Thank you! You’re either smart, have the opportunity and/or the budget to hire a designer.
If you know the right person, this article is not for you. For the rest… Welcome to the void.
What to do? Where to go? Well, I can assure you what you should definitely not do. Don’t go to Google and type in designers for hire, don’t go to Dribbble, Behance. No. Not just yet.
I know it’s hard to hold your horses and not to rush headlong into nice portfolio pictures. Take a step back and follow our advice first.
Understand what you need to have designed
Understand the business goals of your designer’s work – know how their work should affect your business. This is crucial. We’re not talking about aesthetics but how the work you want to delegate will improve your product and serve your users. Function determines form at least for now.
- Have focus. I’ll tell you a story – it happens all the time. You hire a designer, assign him/her a task and in the middle you throw him/her around the project to “do something with…”. You end up being behind schedule and over budget having achieved the square root of nothing. Congratulations on being unfocused.
- Do research, know business goals and project requirements. Have them listed and accepted before you hire a designer. Understand and know what fields of design have to be covered. For example, want UX? Then get to know the difference between UX and UI.
Try to understand the designer’s job – how they work and what to expect
At this point, you should know what you need from your future designer and it’s time for you to get a real hold on what type of a designer is right for what type of work you need to have done.
- Need user experience? Look for a UX designer.
- Need an interface designed? Look for a UI designer.
- Does your product need to be designed, adapted, or polished? Get yourself a product designer.
- Etc, etc, etc.
Remember each profession does not exclusively correspond to one person! You don’t always need to hire three people to design a UI for a mobile application. Many come in bundles!
Mind the choice criteria:
- Budget – Know your budget and never hide it from your designer. Time and budget are their biggest constraints. Also, bear the following two points in mind. Firstly, more experienced designers tend to demand more – and they should. Their experience as a rule should save you even more money on misunderstandings, wrong directions and yessing your stupid ideas (unintentionally stupid – how were you supposed to know?). Secondly, designers from Silicon Valley tend to demand more than people from the UK, China or Poland – and that’s fine – they have to fork out on those $3000 rents somehow.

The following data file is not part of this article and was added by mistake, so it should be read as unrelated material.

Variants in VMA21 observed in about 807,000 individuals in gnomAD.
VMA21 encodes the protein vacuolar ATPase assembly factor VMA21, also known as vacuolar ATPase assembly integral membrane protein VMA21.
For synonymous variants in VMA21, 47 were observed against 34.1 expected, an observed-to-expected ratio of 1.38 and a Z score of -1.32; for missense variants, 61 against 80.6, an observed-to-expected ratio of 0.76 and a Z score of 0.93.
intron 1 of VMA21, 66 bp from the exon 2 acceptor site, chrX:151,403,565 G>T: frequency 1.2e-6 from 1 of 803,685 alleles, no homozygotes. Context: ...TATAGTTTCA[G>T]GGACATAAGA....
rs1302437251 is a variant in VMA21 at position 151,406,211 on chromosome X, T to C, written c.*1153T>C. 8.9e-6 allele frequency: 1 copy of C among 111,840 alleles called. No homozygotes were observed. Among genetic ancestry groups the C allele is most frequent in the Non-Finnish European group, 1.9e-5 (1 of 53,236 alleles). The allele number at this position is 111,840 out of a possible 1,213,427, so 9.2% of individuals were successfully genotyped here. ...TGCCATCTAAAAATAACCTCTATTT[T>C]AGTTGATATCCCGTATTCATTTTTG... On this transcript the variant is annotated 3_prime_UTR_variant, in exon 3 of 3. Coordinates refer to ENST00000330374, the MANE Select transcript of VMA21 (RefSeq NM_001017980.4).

- Availability – If it’s your first product or an IT project, you should schedule your design work very carefully. Be sure neither the designer nor you leave for vacation in the middle of the project. Also, for first-timers – do your research and prepare the project scope. Assume a schedule and then double it. Trust me.
- Team fit – If you hire a dev house, or any type of studio, check out their designers. Lots of money and time are wasted on mismatches between you, the designers and the development team. It’s always better to have your production machine well oiled. Look for good communication skills in your designers. They should get along with you nicely, but they must get along with the developers flawlessly.
- Skills – Just ask your designer for what he or she can or can’t do. What you must know is that skills don’t equal proficiency in one of the mainstream software packages.Don’t play Sherlock and don’t assume things. I just want to warn you that most people out there would find it extremely difficult to judge designers’ skills accurately. If you have little or no experience in working with designers, you can easily fall into the I know better/ I’m an expert trap. Images can be misleading so never judge designers by plain deliverables. Ask someone with more experience, designers you know and trust. Understand what your candidates do. When talking to them, ask how they do it.